A legacy of youth empowerment in Sierra Leone

Sierra Leone Telegraph: 21 August 2019:

It is not often that a 33-year-old is made a minister in Africa. Mohammed Orman Bangura is gaining popularity in Sierra Leone for substantive work and for his style. Reporting for Africa Renewal, Osman Benk Sankoh says that the youth affairs minister, is determined to prove that young people in positions of authority can make a lasting impact in citizens’ lives.

This is Osman Benk Sankoh’s report:

Orman Bangura’s life journey has been a remarkable one. The death of his father when he was a toddler devastated the family’s finances. At the time, his widowed mother thought her son’s best shot at a good life was becoming a tailor or a baker. At just 11 years old, Mr. Bangura enlisted as an apprentice in a tailoring shop.

Fast-forward to 2019, and the 33-year-old Bangura is Sierra Leone’s minister of youth affairs, the youngest minister in the cabinet.

He credits his mother for ensuring his focus on education. “She made all the sacrifices for me,” he says. After his secondary school education, Mr. Bangura received a government grant to attend Fourah Bay College, the University of Sierra Leone, where he graduated in 2011 with a bachelor’s degree in accounting.

His professional career includes finance and accounting positions with several institutions in his country. These were the Standard Chartered Bank, the London Mining Company and the Total Global Steel Company.

Before his ministerial appointment, he was the chief accountant at the Sierra Leone branch of eHealth Africa, an organization with headquarters in Washington, D.C., that supports health systems in poor communities.

By appointing Mr. Bangura as minister, Sierra Leone’s current president, Julius Maada Bio, in part fulfils his promise to appoint young people to top positions in government.

Other key appointees in Mr. Bio’s administration include Francis Ben Kaifala, 34, head of the Anti-Corruption Commission; David Moinina Sengeh, 32, a technological whiz kid from MIT and Harvard, the country’s chief innovation officer; and Yusuf Keketoma Sandi, 32, Presidential Spokesperson and Press Secretary.

Mr. Bio himself was a military head of state in March 1996 at just 31 years of age before handing power over to a civilian government that same year.

Mr. Bangura’s popularity in Sierra Leone comes in part from his youth and his unconventional personal style, but also from the policies he is developing.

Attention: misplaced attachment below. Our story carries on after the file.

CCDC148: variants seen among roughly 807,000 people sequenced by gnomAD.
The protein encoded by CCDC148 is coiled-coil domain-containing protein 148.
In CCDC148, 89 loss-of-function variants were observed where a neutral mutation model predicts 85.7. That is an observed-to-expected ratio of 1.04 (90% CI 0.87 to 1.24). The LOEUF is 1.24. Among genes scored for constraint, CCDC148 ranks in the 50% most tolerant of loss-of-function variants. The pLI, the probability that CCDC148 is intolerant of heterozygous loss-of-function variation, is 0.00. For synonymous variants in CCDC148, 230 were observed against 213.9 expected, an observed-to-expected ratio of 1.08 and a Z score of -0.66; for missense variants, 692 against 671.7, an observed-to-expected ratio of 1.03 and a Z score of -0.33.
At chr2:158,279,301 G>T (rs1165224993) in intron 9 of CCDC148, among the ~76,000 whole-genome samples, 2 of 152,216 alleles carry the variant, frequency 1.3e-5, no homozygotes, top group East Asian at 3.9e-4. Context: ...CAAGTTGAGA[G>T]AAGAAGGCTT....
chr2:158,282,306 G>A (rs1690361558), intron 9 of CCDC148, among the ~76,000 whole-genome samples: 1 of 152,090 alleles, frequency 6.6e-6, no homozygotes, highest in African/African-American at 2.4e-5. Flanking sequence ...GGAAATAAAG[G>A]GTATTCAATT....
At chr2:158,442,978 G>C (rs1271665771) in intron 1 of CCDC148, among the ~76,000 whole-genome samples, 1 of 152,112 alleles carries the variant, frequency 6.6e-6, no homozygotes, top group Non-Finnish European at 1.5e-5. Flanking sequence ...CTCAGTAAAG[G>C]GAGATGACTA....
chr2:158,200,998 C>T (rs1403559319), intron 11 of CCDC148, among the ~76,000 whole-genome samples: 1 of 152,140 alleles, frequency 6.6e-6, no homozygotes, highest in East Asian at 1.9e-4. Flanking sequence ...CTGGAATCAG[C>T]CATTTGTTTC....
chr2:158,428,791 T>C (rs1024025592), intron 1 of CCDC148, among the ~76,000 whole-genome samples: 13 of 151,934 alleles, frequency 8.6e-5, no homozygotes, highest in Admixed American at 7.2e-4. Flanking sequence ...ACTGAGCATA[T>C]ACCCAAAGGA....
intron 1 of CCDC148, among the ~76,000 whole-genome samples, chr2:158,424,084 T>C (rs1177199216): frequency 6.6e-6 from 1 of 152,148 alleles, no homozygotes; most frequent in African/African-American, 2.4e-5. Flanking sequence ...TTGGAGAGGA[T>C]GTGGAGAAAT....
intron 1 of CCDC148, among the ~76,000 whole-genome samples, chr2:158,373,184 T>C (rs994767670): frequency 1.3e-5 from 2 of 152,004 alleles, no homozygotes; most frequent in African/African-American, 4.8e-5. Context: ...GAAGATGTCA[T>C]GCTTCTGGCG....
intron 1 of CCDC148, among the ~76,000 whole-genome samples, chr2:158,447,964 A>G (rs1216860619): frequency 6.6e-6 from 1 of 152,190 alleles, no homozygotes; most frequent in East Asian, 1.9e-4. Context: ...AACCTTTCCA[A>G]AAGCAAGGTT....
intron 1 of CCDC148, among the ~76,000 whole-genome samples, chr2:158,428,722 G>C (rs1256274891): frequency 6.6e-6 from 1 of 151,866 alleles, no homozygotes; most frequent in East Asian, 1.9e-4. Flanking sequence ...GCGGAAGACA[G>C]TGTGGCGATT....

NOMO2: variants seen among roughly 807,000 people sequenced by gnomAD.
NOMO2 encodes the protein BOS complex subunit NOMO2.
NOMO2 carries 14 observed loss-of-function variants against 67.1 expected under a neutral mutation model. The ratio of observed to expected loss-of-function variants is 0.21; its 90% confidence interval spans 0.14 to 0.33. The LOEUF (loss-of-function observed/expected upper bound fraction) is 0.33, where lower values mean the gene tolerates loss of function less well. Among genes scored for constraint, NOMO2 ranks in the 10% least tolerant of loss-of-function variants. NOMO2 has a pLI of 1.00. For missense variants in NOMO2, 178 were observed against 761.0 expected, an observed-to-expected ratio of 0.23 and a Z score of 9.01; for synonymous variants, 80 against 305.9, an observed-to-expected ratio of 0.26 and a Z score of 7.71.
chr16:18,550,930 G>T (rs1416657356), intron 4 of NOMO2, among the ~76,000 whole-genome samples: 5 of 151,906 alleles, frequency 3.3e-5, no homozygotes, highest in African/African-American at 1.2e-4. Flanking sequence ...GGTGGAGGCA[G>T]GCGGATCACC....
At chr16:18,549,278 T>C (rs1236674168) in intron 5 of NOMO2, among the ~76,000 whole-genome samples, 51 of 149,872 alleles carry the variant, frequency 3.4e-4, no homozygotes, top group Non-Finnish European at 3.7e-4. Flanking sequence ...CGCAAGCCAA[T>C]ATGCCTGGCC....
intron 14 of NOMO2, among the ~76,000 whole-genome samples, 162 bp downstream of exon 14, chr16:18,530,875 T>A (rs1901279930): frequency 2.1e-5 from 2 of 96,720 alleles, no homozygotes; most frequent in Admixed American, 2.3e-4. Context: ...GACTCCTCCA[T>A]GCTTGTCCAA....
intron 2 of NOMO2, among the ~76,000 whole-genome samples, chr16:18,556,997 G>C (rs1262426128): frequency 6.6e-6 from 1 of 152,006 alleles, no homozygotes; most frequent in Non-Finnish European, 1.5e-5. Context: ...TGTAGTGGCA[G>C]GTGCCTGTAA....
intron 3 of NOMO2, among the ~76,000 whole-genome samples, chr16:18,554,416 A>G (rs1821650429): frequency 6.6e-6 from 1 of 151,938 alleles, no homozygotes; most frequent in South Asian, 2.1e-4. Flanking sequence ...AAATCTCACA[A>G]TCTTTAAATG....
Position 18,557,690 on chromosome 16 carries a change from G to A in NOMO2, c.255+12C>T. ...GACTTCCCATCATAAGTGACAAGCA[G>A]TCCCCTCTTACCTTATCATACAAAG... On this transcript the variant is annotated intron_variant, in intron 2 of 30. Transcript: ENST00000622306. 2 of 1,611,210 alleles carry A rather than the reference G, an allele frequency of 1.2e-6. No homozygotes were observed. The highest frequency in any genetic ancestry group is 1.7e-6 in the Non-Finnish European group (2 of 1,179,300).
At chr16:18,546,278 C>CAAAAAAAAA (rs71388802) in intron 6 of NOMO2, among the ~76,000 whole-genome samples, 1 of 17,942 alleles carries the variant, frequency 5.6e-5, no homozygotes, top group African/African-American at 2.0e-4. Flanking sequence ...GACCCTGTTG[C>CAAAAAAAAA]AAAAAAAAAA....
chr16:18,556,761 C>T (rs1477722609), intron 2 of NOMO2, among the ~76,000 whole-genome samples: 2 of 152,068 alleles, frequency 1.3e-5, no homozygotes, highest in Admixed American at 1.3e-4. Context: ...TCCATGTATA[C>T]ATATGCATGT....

He sometimes goes to cabinet meetings in khaki trousers, sneakers and rolled up long-sleeved shirts. As well, he regularly visits popular cafés known locally as “ataya bases” to engage young people in lively, sometimes heated discussions about political, economic and social issues.

The minister also finds time to go to simple restaurants in the impoverished neighborhoods of the capital, Freetown, where he mixes freely with the people. On weekends he is usually seen running or playing football on the beaches with local youths.

While his personal style has captivated a society not accustomed to having easy access to top government functionaries, the policies Mr. Bangura is formulating and implementing have further endeared him to the public.

One of his first tasks as minister was to resuscitate the moribund National Youth Service Scheme (NYSS), which was first set up in 1961 but failed miserably at that time. In 2016 the scheme was reestablished by an act of Parliament.

Mr. Bangura is hopeful that this time, young graduates will be able to undertake a year of compulsory national service. He has recruited 200 youths as part of a startup strategy.

“The NYSS will encourage volunteerism, foster patriotism and national cohesion,” he says.

The young minister is also implementing the Youth in Entrepreneurship Project, which, according to him, “will place cash and training in the hands of young Sierra Leoneans with innovative and groundbreaking ideas for the development of the country.”

He is helping set up youth projects in the agricultural and fisheries sectors, and a youth village where young people will learn vocational skills to increase their social mobility.

Mr. Bangura also proposes what he calls the Youth Empowerment Fund, from which young people will be able to draw financing for business ideas. He says the fund will allow “the country to reap demographic dividends,” adding that youth employment “is a security and development challenge that should be addressed effectively and immediately.”

Chernor Bah, an international girls’ champion and cofounder of Purposeful Production, a movement-building hub for adolescent girls in developing countries, works closely with Mr. Bangura. Mr. Bah is helping to review the country’s national youth policy.